I’m not 100% sure, but this might have had an effect on the result. Although it still shouldn’t cause the cell to use extra energy. Or maybe it was because I did go a bit faster when comparing the average speeds then what was predicted and that’s what caused the extra energy expenditure.

11.4 Wh/km * 0.7 = 8.0 Wh/km. 8.4 Wh/km This result follow the same conclusion logic as the mAh/km one, but clearly shows less energy spent per kilometer, meaning that going at lower speed gets you more range

262 W * 0.7^2 (<- power needs to factored in this way) = 128 W. 146 Watts average power shows that indeed my average power consumption was higher and therefore my mAh/km and Wh/km should have been a bit higher than the straight calculations show. Question is that what would the results have been if I had been traveling at the 16.2 km/h average speed rather then the 17.5 km/h I did with the 70% duty. Would the rest of the results fallen in line in that case? Are the results much more linearly linked to the speed rather than the duty cycle?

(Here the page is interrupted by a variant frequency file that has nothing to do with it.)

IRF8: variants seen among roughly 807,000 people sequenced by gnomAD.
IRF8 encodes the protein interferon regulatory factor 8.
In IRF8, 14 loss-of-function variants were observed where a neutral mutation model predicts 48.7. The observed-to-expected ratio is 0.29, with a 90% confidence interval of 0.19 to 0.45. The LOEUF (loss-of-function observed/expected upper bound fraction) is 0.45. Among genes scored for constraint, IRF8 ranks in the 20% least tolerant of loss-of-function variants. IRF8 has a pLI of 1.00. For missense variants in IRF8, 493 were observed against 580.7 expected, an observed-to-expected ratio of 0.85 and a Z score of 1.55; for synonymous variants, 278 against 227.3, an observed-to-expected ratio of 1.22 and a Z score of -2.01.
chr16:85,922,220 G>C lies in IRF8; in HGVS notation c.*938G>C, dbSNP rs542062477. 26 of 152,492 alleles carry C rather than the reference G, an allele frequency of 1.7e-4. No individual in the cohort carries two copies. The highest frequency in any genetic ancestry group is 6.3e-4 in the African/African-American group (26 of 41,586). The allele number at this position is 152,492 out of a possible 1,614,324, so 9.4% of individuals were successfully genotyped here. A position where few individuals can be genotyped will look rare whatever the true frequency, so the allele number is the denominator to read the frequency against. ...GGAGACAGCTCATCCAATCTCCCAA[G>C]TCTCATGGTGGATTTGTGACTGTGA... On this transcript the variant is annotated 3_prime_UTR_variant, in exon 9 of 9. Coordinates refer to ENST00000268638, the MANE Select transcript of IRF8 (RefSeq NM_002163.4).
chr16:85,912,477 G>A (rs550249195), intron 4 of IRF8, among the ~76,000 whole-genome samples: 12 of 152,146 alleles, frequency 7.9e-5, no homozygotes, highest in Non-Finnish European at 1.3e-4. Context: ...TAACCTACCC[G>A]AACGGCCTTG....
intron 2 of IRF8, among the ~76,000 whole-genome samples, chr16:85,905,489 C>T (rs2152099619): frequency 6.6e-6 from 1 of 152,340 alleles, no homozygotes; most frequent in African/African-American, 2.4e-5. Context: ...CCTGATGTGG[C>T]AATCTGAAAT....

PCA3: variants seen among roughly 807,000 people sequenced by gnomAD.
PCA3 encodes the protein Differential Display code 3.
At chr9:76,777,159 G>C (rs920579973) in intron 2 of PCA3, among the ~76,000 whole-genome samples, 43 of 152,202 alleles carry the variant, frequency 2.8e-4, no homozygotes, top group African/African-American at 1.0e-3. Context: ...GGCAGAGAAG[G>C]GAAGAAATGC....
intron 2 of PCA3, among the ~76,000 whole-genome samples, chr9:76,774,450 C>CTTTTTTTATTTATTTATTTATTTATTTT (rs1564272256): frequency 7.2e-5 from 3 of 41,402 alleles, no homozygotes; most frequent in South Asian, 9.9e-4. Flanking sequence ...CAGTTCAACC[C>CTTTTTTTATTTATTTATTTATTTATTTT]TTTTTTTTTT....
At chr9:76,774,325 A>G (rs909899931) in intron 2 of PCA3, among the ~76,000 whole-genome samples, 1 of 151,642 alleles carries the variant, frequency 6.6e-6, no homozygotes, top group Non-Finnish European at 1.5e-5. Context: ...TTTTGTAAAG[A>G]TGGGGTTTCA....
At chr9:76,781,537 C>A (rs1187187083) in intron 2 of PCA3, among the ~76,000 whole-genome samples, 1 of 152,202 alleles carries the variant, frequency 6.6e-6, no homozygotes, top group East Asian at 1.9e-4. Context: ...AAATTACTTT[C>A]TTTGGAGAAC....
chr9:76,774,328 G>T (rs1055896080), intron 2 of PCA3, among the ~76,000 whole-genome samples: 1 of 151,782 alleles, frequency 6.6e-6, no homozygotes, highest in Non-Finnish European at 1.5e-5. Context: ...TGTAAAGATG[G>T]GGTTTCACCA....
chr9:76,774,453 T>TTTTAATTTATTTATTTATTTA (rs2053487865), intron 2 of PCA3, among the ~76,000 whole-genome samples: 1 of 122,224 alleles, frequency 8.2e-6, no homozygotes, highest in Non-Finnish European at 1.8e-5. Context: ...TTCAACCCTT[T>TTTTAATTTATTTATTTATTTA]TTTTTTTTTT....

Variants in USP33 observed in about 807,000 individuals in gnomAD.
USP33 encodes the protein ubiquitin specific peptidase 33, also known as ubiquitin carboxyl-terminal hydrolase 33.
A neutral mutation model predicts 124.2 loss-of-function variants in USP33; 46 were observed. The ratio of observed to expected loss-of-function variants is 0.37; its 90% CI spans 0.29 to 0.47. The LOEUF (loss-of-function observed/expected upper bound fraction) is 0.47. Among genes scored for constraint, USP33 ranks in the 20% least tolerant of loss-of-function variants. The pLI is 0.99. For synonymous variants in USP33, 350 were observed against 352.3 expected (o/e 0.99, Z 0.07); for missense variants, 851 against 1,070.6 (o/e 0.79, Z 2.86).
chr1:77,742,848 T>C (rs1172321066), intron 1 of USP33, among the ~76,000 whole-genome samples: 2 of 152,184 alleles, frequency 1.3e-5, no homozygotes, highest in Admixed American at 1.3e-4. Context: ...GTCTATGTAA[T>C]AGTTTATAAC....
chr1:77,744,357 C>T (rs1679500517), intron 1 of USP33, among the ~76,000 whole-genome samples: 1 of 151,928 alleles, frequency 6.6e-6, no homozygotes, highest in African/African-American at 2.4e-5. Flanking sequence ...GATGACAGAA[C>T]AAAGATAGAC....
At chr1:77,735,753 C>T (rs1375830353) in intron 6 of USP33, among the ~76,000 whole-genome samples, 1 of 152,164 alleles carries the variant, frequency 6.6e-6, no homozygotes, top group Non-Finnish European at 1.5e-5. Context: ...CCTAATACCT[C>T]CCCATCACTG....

Summary: The results were overall very close to the estimated values and show how much the travel speed impacts your energy expenditure. I’m pretty happy that the results were within 10% of the calculated values. I can use this information in the future to make a bit more educated decision on what kind of battery pack I’m going to build regarding speed and range.


@Stef you make good points. Just wanted to clear up, doubling speed wont necessarily cost 4x the power. This is because power expenditure isn’t solely based on wind drag. It will Octuple the power that was used to combat drag This can be calculated using, Where:

  • P is the power lost from drag